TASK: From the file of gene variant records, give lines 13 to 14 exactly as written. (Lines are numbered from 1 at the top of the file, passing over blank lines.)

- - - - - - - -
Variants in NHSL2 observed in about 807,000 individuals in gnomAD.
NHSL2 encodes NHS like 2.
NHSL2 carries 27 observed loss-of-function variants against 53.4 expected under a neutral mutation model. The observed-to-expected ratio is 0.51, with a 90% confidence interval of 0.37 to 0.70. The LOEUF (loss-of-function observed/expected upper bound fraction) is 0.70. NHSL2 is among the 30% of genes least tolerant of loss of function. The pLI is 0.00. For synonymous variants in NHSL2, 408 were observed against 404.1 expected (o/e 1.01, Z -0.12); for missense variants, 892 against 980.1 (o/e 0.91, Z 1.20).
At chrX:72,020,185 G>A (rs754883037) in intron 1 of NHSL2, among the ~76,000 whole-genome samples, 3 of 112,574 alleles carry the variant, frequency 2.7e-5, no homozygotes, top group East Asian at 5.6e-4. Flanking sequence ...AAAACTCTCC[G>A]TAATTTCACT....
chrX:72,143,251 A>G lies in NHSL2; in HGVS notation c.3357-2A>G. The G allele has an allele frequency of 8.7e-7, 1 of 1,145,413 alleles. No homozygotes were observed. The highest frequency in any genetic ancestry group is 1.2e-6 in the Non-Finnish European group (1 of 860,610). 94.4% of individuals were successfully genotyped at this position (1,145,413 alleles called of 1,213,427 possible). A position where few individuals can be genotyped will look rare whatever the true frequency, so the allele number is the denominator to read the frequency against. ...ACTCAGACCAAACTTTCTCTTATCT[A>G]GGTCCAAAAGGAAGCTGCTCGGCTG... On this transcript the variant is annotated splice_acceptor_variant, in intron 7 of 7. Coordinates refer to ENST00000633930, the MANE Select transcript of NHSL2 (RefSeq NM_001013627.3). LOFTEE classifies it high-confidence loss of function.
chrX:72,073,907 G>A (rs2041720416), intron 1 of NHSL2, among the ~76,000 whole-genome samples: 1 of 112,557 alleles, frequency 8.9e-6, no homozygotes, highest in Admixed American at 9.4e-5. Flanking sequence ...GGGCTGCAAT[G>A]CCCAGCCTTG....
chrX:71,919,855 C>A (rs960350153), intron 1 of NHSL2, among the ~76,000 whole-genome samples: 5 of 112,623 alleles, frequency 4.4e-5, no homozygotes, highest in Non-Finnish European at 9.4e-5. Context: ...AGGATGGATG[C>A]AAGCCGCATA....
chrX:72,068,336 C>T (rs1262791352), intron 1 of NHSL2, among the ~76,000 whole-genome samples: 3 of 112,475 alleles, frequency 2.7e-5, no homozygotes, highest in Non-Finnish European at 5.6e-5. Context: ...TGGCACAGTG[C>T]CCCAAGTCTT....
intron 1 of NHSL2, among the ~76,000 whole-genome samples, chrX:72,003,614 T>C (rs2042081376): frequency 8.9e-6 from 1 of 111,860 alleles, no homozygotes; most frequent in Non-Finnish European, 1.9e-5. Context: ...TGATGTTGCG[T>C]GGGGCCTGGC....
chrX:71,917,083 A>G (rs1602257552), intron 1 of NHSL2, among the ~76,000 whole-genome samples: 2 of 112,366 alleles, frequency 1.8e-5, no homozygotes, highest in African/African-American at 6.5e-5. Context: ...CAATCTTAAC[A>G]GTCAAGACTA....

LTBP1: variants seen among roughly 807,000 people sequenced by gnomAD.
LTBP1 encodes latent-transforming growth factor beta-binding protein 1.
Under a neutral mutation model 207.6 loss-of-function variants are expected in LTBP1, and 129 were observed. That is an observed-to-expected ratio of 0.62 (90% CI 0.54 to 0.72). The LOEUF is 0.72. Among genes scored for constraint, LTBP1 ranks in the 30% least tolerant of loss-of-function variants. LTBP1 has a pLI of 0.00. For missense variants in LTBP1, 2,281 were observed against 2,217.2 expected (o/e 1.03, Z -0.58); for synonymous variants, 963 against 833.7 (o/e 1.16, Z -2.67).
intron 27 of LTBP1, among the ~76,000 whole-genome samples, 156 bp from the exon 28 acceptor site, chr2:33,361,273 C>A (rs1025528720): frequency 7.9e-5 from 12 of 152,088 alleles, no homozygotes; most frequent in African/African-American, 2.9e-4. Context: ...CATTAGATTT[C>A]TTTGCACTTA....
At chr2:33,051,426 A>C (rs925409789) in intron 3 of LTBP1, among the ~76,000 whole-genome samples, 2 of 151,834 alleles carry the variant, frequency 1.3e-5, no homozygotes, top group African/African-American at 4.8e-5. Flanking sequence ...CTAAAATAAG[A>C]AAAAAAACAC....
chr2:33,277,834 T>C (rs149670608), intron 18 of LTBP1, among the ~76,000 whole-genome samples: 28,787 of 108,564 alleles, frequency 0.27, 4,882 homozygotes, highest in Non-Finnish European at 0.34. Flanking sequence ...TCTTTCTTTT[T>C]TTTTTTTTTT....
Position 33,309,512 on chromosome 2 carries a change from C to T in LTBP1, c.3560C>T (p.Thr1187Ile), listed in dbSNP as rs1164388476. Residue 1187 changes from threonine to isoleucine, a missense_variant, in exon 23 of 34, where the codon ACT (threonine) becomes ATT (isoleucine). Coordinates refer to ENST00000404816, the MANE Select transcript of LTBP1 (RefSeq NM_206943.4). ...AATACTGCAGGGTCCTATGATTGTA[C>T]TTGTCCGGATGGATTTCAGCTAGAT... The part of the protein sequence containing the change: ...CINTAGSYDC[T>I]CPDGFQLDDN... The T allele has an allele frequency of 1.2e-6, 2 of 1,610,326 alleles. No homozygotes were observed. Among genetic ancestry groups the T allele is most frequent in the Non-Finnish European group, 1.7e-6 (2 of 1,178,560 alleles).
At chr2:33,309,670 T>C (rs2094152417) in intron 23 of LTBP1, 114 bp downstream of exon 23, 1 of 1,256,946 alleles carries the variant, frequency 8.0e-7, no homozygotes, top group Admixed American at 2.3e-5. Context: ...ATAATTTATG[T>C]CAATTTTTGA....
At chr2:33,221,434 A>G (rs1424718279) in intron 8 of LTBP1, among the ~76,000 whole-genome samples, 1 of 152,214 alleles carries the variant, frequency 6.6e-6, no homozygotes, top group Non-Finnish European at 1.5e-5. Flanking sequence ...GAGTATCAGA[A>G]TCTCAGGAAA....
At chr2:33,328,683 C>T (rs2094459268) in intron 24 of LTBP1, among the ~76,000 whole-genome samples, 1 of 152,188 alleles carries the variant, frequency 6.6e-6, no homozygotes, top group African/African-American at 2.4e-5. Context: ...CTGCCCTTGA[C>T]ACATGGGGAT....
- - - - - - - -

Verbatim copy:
Under a neutral mutation model 207.6 loss-of-function variants are expected in LTBP1, and 129 were observed. That is an observed-to-expected ratio of 0.62 (90% CI 0.54 to 0.72). The LOEUF is 0.72. Among genes scored for constraint, LTBP1 ranks in the 30% least tolerant of loss-of-function variants. LTBP1 has a pLI of 0.00. For missense variants in LTBP1, 2,281 were observed against 2,217.2 expected (o/e 1.03, Z -0.58); for synonymous variants, 963 against 833.7 (o/e 1.16, Z -2.67).
intron 27 of LTBP1, among the ~76,000 whole-genome samples, 156 bp from the exon 28 acceptor site, chr2:33,361,273 C>A (rs1025528720): frequency 7.9e-5 from 12 of 152,088 alleles, no homozygotes; most frequent in African/African-American, 2.9e-4. Context: ...CATTAGATTT[C>A]TTTGCACTTA....